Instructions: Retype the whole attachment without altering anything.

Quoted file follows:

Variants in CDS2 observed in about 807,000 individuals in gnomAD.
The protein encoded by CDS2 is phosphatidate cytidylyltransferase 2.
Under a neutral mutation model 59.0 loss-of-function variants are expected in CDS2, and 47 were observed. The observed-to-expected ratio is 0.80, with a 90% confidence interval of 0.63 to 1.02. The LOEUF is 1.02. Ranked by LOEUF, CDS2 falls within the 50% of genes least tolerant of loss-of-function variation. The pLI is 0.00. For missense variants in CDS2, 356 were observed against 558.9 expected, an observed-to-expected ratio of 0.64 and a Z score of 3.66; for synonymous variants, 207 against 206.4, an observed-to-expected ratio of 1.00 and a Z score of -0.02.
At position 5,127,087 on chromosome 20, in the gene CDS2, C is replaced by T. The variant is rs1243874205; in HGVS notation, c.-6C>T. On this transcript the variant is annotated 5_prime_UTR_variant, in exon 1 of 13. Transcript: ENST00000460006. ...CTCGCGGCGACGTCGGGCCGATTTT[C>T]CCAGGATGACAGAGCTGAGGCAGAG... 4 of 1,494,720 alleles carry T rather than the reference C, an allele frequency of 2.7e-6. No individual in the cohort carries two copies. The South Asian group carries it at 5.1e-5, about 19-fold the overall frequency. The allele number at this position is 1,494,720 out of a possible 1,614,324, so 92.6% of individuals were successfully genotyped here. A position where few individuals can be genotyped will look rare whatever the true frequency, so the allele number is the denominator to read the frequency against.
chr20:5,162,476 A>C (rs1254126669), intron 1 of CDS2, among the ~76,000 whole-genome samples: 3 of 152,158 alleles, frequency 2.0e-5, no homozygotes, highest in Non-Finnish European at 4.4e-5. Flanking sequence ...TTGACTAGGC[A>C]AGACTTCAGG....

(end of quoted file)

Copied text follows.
Variants in CDS2 observed in about 807,000 individuals in gnomAD.
The protein encoded by CDS2 is phosphatidate cytidylyltransferase 2.
Under a neutral mutation model 59.0 loss-of-function variants are expected in CDS2, and 47 were observed. The observed-to-expected ratio is 0.80, with a 90% confidence interval of 0.63 to 1.02. The LOEUF is 1.02. Ranked by LOEUF, CDS2 falls within the 50% of genes least tolerant of loss-of-function variation. The pLI is 0.00. For missense variants in CDS2, 356 were observed against 558.9 expected, an observed-to-expected ratio of 0.64 and a Z score of 3.66; for synonymous variants, 207 against 206.4, an observed-to-expected ratio of 1.00 and a Z score of -0.02.
At position 5,127,087 on chromosome 20, in the gene CDS2, C is replaced by T. The variant is rs1243874205; in HGVS notation, c.-6C>T. On this transcript the variant is annotated 5_prime_UTR_variant, in exon 1 of 13. Transcript: ENST00000460006. ...CTCGCGGCGACGTCGGGCCGATTTT[C>T]CCAGGATGACAGAGCTGAGGCAGAG... 4 of 1,494,720 alleles carry T rather than the reference C, an allele frequency of 2.7e-6. No individual in the cohort carries two copies. The South Asian group carries it at 5.1e-5, about 19-fold the overall frequency. The allele number at this position is 1,494,720 out of a possible 1,614,324, so 92.6% of individuals were successfully genotyped here. A position where few individuals can be genotyped will look rare whatever the true frequency, so the allele number is the denominator to read the frequency against.
chr20:5,162,476 A>C (rs1254126669), intron 1 of CDS2, among the ~76,000 whole-genome samples: 3 of 152,158 alleles, frequency 2.0e-5, no homozygotes, highest in Non-Finnish European at 4.4e-5. Flanking sequence ...TTGACTAGGC[A>C]AGACTTCAGG....